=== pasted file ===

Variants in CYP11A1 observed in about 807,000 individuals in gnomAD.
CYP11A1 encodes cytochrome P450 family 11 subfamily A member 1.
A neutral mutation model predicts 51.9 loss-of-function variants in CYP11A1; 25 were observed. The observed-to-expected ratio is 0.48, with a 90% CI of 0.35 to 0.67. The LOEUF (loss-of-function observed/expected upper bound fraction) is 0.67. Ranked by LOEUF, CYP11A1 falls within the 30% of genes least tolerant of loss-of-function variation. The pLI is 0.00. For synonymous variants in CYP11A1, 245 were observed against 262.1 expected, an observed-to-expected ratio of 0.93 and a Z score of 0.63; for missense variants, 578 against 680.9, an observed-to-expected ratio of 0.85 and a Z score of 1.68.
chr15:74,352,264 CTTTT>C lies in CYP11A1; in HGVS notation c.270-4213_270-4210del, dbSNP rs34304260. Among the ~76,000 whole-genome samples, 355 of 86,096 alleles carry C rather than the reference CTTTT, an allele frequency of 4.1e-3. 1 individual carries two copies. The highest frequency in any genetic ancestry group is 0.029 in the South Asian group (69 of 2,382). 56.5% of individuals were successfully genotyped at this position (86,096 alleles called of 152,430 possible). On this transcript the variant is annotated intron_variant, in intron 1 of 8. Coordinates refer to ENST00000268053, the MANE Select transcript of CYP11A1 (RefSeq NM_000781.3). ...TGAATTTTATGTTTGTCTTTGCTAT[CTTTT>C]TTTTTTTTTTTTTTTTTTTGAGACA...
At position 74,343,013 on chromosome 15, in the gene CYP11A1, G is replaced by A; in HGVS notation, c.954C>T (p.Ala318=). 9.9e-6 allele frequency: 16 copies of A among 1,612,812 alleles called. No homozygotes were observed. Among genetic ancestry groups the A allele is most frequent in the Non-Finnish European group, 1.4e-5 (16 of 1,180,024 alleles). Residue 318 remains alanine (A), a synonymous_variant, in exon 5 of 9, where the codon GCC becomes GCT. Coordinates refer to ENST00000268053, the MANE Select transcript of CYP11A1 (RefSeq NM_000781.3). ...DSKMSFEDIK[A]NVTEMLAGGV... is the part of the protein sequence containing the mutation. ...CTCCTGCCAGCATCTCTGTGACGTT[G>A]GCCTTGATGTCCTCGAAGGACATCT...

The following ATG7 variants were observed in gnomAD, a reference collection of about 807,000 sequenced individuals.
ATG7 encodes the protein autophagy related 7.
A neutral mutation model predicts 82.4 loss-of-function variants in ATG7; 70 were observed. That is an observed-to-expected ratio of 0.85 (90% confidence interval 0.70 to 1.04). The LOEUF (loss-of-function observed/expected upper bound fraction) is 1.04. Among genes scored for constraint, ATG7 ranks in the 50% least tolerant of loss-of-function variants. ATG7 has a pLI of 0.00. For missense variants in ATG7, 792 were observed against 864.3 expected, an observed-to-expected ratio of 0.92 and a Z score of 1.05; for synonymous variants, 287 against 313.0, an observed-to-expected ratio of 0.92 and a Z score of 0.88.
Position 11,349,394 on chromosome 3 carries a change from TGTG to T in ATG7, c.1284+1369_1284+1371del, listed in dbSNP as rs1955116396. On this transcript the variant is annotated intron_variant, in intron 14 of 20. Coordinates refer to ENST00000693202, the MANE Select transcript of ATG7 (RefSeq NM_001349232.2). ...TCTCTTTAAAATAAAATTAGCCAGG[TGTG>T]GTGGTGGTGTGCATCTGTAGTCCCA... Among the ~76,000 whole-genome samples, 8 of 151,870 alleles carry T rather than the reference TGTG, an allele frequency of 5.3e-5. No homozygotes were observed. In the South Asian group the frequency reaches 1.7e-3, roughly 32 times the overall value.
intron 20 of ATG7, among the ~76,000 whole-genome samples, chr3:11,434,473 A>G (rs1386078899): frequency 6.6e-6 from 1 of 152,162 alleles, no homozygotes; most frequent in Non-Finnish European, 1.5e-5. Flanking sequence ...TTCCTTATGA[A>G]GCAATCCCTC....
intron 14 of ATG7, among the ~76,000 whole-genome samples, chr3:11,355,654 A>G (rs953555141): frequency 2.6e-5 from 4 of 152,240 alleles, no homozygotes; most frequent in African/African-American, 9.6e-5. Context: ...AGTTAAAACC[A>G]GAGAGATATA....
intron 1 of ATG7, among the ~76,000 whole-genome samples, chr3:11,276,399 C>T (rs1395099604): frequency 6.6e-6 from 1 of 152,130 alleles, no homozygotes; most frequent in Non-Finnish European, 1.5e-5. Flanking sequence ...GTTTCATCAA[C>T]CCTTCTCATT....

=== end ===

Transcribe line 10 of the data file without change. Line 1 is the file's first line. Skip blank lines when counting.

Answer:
intron 20 of ATG7, among the ~76,000 whole-genome samples, chr3:11,434,473 A>G (rs1386078899): frequency 6.6e-6 from 1 of 152,162 alleles, no homozygotes; most frequent in Non-Finnish European, 1.5e-5. Flanking sequence ...TTCCTTATGA[A>G]GCAATCCCTC....